Between 2006 and 2010, China imposed rare earths quota limits on production and exports, as they wanted to be sure that they had enough supply for their own technological and economic needs. The 40% reduction in quotas in 2010 caused a severe rare earths price spike to start. It also motivated manufacturers to move to China in order to be sure to meet their needs. In 2010, China and Japan clashed over a territorial dispute in the East China Sea. As a result, China halted shipments of rare earths to Japan, disrupting the supply chain for major manufacturers like Toyota and Panasonic. Also in 2010, The U.S. Department of Energy reported a possible shortage of five rare earth elements. In the same year, The Rare Earth Supply Technology and Resources Transformation Act was passed in the USA. The legislation’s goal was: “To provide for the re-establishment of a domestic rare earth materials production and supply industry in the United States and for other purposes." Between 2010 and 2011, rare earth prices spiked as Chinese export quotas took effect. Prices quadrupled in 2010, then doubled again in 2011. In 2014 the World Trade Organization (WTO) ruled against China, which led China to drop the export quotas.
     In 2019, there was talk of a possible China retaliation to US tariffs on Chinese goods and it was reported that China was seriously considering restricting rare earth exports to the US. The Pentagon sought funds to boost U.S. rare-earth production as fears over rare earth supplies from China mounted.
     Between 2010 and 2019, there were numerous calls for the US to develop its own rare earths industry, but nothing changed. The Electric Vehicle (EV) boom is expected to cause a new surge in demand for some rare earths.
     While the US lists rare earths as critical materials, we have essentially done nothing to secure its supply. China still controls the vast majority of the global rare earth industry and hence controls the supply chain critical to producing high tech electronics, especially those using magnets. China’s dominance of the sector makes the world very vulnerable to any Chinese export ban or supply disruption. It makes no sense for the US to be so reliant on rare earths from China. The US is very vulnerable to a Chinese ban on rare earths as the US continues to import most of its rare earths from China, either directly or indirectly as end products such as magnets, electronics, or electric motors. As the era of electric vehicles takes off demand for rare earths will explode. What will happen if China refuses to sell rare earths to the US? Thanks to the Rare Earth Supply Technology and Resources Transformation Act of 2010, the US government did recognize the need to “provide for the re-establishment of a domestic rare earth materials production and supply industry in the United States”. But little to no action has been taken to make this happen. U.S. environmental and permitting rules make it very difficult to start a new rare earths mine in the US today. With renewed concerns arising as a result of the US-China trade war, we still face the problem of securing a reliable supply of critical rare earths. Now in mid-2020, the US may have finally started to take action. Perhaps we have finally come to our senses![3]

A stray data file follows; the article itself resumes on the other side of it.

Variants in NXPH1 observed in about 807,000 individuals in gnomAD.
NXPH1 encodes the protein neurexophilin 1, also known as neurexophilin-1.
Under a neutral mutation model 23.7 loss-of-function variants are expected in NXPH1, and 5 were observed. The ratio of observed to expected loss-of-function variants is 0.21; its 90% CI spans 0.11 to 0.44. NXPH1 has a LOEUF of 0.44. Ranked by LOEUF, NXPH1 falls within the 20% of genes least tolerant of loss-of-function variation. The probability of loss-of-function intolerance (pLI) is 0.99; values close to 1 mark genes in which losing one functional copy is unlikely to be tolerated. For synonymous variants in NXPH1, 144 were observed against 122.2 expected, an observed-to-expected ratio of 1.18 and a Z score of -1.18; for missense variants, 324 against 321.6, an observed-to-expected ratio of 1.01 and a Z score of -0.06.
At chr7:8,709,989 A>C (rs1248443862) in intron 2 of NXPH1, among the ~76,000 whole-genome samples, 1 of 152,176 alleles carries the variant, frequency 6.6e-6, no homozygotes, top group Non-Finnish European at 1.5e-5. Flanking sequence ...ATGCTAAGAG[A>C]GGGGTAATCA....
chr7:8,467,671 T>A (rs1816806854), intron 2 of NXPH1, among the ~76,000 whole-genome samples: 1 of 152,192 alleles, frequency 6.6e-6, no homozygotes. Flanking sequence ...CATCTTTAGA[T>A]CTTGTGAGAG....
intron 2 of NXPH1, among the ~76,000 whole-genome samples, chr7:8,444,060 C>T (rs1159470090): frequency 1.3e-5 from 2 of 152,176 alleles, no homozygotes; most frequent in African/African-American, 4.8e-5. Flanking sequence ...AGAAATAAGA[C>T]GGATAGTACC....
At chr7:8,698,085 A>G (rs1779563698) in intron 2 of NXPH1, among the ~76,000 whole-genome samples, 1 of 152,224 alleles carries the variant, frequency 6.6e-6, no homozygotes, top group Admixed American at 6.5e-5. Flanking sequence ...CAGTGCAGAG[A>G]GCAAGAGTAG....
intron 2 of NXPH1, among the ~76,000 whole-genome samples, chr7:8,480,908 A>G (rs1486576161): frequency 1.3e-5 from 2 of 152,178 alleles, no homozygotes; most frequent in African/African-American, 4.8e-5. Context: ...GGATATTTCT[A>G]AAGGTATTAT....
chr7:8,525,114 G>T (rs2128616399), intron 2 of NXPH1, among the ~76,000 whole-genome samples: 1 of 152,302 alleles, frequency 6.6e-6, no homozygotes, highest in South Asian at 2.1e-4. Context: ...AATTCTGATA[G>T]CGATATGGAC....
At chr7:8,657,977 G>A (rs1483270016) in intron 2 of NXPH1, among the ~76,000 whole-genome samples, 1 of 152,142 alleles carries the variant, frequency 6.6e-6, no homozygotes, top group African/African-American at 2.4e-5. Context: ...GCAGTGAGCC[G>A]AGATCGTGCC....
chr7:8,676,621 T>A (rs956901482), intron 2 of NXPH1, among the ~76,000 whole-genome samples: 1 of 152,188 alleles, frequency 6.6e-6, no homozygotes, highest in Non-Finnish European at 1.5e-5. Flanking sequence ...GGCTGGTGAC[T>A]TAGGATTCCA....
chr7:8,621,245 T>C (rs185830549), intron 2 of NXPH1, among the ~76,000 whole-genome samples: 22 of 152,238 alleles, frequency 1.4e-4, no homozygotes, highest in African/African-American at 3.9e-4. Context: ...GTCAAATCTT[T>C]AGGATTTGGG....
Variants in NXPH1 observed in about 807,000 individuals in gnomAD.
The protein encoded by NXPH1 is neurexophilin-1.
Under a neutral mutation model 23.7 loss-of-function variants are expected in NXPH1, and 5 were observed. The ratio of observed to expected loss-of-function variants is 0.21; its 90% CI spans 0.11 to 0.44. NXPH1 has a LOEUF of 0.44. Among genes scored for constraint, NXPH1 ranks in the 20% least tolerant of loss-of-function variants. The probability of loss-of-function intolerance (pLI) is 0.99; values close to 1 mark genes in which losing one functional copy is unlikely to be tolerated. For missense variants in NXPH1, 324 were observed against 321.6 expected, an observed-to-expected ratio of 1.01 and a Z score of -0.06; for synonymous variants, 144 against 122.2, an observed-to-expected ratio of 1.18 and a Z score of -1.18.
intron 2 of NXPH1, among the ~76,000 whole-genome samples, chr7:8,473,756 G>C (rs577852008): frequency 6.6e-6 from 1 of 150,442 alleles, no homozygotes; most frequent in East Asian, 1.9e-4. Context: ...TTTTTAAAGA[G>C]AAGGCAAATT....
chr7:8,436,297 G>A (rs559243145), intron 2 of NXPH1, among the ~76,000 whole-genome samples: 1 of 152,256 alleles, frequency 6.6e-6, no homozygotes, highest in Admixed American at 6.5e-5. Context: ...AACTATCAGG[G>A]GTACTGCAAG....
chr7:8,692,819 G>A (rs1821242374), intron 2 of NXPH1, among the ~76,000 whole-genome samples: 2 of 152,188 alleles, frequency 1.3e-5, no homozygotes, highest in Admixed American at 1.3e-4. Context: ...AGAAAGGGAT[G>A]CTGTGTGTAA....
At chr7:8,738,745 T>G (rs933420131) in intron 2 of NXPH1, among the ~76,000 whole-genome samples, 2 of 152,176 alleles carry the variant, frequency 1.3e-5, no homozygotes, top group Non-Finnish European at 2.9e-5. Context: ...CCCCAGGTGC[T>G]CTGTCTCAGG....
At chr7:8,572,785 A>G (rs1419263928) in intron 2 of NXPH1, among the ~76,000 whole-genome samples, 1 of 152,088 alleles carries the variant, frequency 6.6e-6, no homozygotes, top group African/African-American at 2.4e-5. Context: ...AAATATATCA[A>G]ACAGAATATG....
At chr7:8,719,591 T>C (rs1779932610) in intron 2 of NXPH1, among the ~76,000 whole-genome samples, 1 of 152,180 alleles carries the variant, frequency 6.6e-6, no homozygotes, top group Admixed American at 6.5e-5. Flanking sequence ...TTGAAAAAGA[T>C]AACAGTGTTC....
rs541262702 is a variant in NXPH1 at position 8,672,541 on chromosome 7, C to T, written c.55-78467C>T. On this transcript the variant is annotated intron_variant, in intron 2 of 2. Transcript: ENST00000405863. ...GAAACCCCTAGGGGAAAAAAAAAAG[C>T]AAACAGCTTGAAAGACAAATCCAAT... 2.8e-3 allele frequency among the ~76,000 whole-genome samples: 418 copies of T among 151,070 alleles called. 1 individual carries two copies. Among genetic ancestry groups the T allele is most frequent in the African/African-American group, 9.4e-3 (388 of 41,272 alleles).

In April of 2020, President Donald Trump's administration announced it would provide a $12 million aid package to Greenland for economic development, raising eyebrows in Denmark, which has sovereignty over the island. The Trump administration saw this as an important strategic opportunity. Don’t forget, that in August of 2019, Trump said his administration was looking into purchasing Greenland. Later, a senior State Department official said, "There's no plan or interagency process underway involving the purchase of Greenland." [4]